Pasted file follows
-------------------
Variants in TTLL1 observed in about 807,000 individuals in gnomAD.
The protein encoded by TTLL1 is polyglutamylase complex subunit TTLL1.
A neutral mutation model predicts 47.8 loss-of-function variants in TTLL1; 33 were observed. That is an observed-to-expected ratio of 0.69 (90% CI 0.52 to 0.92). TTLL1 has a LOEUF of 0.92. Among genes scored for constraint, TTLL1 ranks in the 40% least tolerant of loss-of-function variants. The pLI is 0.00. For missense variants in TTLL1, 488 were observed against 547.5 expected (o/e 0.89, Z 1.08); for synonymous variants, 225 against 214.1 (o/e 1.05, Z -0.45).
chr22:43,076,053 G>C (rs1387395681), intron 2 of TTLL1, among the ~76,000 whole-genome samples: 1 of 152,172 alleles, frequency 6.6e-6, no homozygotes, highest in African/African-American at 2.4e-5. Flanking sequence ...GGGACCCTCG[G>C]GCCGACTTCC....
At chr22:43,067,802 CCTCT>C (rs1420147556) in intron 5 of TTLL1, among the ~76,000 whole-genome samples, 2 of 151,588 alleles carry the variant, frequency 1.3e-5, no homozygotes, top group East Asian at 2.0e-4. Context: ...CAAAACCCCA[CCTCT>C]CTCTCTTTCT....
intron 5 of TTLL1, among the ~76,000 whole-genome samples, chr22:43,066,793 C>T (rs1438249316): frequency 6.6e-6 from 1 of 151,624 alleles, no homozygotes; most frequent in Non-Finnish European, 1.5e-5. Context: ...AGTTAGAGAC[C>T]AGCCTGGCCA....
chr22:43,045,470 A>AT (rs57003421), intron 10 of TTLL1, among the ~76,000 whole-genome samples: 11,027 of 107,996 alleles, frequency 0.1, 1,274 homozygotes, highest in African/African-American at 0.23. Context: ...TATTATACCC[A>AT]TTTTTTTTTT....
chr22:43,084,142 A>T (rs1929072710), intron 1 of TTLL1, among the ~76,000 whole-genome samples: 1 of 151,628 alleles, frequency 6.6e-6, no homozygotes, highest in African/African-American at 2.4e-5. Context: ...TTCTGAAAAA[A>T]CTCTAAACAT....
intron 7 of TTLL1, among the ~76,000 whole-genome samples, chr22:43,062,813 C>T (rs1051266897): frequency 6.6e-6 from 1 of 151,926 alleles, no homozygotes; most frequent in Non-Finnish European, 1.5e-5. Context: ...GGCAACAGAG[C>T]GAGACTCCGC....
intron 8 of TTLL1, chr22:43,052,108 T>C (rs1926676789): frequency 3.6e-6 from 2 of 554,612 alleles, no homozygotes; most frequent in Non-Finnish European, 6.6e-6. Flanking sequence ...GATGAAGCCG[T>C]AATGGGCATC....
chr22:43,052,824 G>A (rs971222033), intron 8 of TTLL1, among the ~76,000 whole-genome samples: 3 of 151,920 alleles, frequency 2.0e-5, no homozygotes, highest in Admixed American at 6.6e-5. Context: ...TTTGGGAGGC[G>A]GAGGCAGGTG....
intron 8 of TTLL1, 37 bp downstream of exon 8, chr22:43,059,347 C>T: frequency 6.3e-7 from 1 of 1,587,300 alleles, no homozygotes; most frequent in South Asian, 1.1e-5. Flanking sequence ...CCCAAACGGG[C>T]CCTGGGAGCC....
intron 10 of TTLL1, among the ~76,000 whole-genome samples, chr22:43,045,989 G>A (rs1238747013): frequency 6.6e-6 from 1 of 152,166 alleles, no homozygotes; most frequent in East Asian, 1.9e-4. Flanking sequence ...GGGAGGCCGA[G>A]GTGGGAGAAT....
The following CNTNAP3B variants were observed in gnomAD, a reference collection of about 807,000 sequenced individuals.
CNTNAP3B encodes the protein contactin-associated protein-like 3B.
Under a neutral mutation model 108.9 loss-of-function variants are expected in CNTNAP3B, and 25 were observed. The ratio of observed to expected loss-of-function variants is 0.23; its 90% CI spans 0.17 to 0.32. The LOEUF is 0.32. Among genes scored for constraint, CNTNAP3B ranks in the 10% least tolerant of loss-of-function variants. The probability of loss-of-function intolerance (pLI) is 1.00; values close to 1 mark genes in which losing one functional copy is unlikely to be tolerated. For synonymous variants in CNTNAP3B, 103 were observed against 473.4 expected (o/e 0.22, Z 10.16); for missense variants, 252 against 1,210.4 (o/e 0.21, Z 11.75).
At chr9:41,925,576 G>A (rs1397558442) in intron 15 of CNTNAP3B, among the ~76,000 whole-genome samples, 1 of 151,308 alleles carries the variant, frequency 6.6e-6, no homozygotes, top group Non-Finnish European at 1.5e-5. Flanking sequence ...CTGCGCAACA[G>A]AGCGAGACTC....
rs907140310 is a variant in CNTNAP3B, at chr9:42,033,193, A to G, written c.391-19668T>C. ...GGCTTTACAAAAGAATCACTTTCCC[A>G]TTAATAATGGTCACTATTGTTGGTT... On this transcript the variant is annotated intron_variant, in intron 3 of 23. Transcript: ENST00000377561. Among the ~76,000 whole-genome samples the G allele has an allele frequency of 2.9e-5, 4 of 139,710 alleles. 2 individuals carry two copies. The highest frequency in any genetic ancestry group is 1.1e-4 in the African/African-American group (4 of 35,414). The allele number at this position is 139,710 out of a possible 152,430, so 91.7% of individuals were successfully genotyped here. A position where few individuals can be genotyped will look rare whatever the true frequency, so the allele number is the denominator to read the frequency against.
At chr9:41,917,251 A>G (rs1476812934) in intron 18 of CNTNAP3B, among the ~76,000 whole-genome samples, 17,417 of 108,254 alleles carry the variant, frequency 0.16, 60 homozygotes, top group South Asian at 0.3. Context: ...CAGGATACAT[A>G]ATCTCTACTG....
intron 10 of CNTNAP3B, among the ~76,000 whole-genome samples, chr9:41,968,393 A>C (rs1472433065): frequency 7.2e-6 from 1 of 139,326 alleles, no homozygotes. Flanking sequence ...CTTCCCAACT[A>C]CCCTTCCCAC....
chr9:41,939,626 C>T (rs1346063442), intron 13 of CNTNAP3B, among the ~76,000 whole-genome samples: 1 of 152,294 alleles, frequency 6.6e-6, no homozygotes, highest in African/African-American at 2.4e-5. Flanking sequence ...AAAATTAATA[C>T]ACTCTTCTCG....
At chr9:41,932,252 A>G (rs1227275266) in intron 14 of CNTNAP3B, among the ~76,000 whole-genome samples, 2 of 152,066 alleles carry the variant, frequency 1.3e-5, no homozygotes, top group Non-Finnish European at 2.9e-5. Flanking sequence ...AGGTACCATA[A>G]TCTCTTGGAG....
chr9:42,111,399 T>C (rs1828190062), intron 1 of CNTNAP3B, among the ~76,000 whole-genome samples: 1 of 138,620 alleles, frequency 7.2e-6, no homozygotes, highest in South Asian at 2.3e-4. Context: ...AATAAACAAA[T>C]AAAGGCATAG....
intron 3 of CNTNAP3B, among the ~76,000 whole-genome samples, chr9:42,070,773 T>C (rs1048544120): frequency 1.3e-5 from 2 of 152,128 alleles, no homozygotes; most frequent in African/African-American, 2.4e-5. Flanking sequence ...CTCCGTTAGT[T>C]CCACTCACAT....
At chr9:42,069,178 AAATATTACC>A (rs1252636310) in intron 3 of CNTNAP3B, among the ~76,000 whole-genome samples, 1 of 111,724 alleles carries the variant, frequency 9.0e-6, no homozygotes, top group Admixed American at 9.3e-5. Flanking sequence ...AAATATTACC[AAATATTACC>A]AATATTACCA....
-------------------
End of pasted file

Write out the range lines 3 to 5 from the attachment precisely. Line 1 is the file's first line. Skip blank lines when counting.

A neutral mutation model predicts 47.8 loss-of-function variants in TTLL1; 33 were observed. That is an observed-to-expected ratio of 0.69 (90% CI 0.52 to 0.92). TTLL1 has a LOEUF of 0.92. Among genes scored for constraint, TTLL1 ranks in the 40% least tolerant of loss-of-function variants. The pLI is 0.00. For missense variants in TTLL1, 488 were observed against 547.5 expected (o/e 0.89, Z 1.08); for synonymous variants, 225 against 214.1 (o/e 1.05, Z -0.45).
chr22:43,076,053 G>C (rs1387395681), intron 2 of TTLL1, among the ~76,000 whole-genome samples: 1 of 152,172 alleles, frequency 6.6e-6, no homozygotes, highest in African/African-American at 2.4e-5. Flanking sequence ...GGGACCCTCG[G>C]GCCGACTTCC....
At chr22:43,067,802 CCTCT>C (rs1420147556) in intron 5 of TTLL1, among the ~76,000 whole-genome samples, 2 of 151,588 alleles carry the variant, frequency 1.3e-5, no homozygotes, top group East Asian at 2.0e-4. Context: ...CAAAACCCCA[CCTCT>C]CTCTCTTTCT....